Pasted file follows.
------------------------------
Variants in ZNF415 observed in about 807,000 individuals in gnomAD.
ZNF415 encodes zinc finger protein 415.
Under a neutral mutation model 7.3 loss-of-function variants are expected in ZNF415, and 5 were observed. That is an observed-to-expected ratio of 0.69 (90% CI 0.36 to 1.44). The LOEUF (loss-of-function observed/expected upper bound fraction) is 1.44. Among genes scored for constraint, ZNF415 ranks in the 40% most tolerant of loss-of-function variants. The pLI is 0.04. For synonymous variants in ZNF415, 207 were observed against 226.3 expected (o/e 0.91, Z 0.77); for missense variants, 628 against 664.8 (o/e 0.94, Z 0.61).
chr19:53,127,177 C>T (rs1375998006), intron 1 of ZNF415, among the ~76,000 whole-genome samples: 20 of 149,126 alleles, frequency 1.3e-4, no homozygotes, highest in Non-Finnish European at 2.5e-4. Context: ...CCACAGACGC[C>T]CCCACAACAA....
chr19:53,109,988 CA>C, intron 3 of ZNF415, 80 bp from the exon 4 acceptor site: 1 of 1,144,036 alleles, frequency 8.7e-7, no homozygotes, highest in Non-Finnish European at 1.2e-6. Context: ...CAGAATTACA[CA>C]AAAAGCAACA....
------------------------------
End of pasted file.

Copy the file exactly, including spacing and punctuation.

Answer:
Variants in ZNF415 observed in about 807,000 individuals in gnomAD.
ZNF415 encodes zinc finger protein 415.
Under a neutral mutation model 7.3 loss-of-function variants are expected in ZNF415, and 5 were observed. That is an observed-to-expected ratio of 0.69 (90% CI 0.36 to 1.44). The LOEUF (loss-of-function observed/expected upper bound fraction) is 1.44. Among genes scored for constraint, ZNF415 ranks in the 40% most tolerant of loss-of-function variants. The pLI is 0.04. For synonymous variants in ZNF415, 207 were observed against 226.3 expected (o/e 0.91, Z 0.77); for missense variants, 628 against 664.8 (o/e 0.94, Z 0.61).
chr19:53,127,177 C>T (rs1375998006), intron 1 of ZNF415, among the ~76,000 whole-genome samples: 20 of 149,126 alleles, frequency 1.3e-4, no homozygotes, highest in Non-Finnish European at 2.5e-4. Context: ...CCACAGACGC[C>T]CCCACAACAA....
chr19:53,109,988 CA>C, intron 3 of ZNF415, 80 bp from the exon 4 acceptor site: 1 of 1,144,036 alleles, frequency 8.7e-7, no homozygotes, highest in Non-Finnish European at 1.2e-6. Context: ...CAGAATTACA[CA>C]AAAAGCAACA....